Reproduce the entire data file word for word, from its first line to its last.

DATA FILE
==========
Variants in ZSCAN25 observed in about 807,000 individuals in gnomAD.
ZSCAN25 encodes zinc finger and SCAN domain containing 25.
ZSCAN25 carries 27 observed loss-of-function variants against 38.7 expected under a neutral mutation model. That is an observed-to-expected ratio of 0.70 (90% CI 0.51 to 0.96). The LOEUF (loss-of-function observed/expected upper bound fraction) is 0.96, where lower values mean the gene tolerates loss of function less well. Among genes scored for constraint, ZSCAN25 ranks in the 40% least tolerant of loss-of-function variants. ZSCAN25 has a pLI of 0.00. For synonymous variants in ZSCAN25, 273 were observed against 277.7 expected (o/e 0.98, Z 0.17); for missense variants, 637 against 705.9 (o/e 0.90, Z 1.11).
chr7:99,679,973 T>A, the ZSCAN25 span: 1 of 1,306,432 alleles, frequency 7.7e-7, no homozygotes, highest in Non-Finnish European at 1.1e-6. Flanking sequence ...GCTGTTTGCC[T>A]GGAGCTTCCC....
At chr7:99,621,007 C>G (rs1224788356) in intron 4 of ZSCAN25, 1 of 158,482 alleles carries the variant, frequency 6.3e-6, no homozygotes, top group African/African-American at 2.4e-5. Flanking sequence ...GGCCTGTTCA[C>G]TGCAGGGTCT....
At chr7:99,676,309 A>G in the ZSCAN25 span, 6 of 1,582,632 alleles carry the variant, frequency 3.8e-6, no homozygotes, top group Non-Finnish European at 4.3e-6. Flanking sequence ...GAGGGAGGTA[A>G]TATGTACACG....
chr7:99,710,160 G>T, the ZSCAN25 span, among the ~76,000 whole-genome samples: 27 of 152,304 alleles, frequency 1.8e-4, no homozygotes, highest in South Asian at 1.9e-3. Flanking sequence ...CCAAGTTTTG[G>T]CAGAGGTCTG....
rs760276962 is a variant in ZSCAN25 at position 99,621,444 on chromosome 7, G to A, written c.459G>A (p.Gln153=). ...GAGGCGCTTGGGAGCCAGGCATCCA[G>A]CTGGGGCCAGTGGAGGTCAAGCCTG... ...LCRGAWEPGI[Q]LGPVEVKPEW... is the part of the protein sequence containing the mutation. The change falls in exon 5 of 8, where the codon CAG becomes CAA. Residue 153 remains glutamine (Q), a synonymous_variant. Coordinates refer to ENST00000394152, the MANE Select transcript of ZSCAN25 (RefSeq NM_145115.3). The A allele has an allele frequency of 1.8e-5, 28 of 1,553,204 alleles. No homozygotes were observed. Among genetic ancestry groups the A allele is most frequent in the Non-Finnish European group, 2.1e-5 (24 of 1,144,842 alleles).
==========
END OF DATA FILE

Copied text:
Variants in ZSCAN25 observed in about 807,000 individuals in gnomAD.
ZSCAN25 encodes zinc finger and SCAN domain containing 25.
ZSCAN25 carries 27 observed loss-of-function variants against 38.7 expected under a neutral mutation model. That is an observed-to-expected ratio of 0.70 (90% CI 0.51 to 0.96). The LOEUF (loss-of-function observed/expected upper bound fraction) is 0.96, where lower values mean the gene tolerates loss of function less well. Among genes scored for constraint, ZSCAN25 ranks in the 40% least tolerant of loss-of-function variants. ZSCAN25 has a pLI of 0.00. For synonymous variants in ZSCAN25, 273 were observed against 277.7 expected (o/e 0.98, Z 0.17); for missense variants, 637 against 705.9 (o/e 0.90, Z 1.11).
chr7:99,679,973 T>A, the ZSCAN25 span: 1 of 1,306,432 alleles, frequency 7.7e-7, no homozygotes, highest in Non-Finnish European at 1.1e-6. Flanking sequence ...GCTGTTTGCC[T>A]GGAGCTTCCC....
At chr7:99,621,007 C>G (rs1224788356) in intron 4 of ZSCAN25, 1 of 158,482 alleles carries the variant, frequency 6.3e-6, no homozygotes, top group African/African-American at 2.4e-5. Flanking sequence ...GGCCTGTTCA[C>G]TGCAGGGTCT....
At chr7:99,676,309 A>G in the ZSCAN25 span, 6 of 1,582,632 alleles carry the variant, frequency 3.8e-6, no homozygotes, top group Non-Finnish European at 4.3e-6. Flanking sequence ...GAGGGAGGTA[A>G]TATGTACACG....
chr7:99,710,160 G>T, the ZSCAN25 span, among the ~76,000 whole-genome samples: 27 of 152,304 alleles, frequency 1.8e-4, no homozygotes, highest in South Asian at 1.9e-3. Flanking sequence ...CCAAGTTTTG[G>T]CAGAGGTCTG....
rs760276962 is a variant in ZSCAN25 at position 99,621,444 on chromosome 7, G to A, written c.459G>A (p.Gln153=). ...GAGGCGCTTGGGAGCCAGGCATCCA[G>A]CTGGGGCCAGTGGAGGTCAAGCCTG... ...LCRGAWEPGI[Q]LGPVEVKPEW... is the part of the protein sequence containing the mutation. The change falls in exon 5 of 8, where the codon CAG becomes CAA. Residue 153 remains glutamine (Q), a synonymous_variant. Coordinates refer to ENST00000394152, the MANE Select transcript of ZSCAN25 (RefSeq NM_145115.3). The A allele has an allele frequency of 1.8e-5, 28 of 1,553,204 alleles. No homozygotes were observed. Among genetic ancestry groups the A allele is most frequent in the Non-Finnish European group, 2.1e-5 (24 of 1,144,842 alleles).